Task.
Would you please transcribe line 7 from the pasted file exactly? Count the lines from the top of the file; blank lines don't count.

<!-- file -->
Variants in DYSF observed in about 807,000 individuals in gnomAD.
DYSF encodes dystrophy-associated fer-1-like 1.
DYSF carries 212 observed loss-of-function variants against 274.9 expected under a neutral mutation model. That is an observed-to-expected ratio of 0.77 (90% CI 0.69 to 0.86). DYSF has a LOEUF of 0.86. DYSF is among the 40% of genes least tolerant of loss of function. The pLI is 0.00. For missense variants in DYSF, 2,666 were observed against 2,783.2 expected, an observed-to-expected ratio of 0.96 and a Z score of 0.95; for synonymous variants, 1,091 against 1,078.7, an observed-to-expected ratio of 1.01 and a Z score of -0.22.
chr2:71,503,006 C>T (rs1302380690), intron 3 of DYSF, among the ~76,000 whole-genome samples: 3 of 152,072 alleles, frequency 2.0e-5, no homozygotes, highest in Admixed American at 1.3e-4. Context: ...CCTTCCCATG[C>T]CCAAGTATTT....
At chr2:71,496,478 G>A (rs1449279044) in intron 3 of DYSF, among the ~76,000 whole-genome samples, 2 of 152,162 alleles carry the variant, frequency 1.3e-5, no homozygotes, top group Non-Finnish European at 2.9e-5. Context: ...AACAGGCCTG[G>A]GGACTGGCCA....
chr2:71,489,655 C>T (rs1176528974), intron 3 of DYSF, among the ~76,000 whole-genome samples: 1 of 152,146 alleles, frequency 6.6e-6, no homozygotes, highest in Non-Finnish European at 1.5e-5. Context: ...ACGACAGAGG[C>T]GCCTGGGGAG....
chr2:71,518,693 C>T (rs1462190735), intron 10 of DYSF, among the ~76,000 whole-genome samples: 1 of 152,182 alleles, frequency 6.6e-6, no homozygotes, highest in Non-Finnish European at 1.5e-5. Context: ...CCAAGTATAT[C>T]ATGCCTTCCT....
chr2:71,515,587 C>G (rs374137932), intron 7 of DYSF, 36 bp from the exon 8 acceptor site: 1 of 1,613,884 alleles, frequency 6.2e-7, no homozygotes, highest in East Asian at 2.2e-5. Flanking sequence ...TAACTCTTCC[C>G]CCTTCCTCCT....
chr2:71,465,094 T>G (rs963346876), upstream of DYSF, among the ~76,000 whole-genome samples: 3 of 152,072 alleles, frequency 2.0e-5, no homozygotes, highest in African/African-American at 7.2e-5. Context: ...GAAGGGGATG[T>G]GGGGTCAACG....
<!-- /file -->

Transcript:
chr2:71,518,693 C>T (rs1462190735), intron 10 of DYSF, among the ~76,000 whole-genome samples: 1 of 152,182 alleles, frequency 6.6e-6, no homozygotes, highest in Non-Finnish European at 1.5e-5. Context: ...CCAAGTATAT[C>T]ATGCCTTCCT....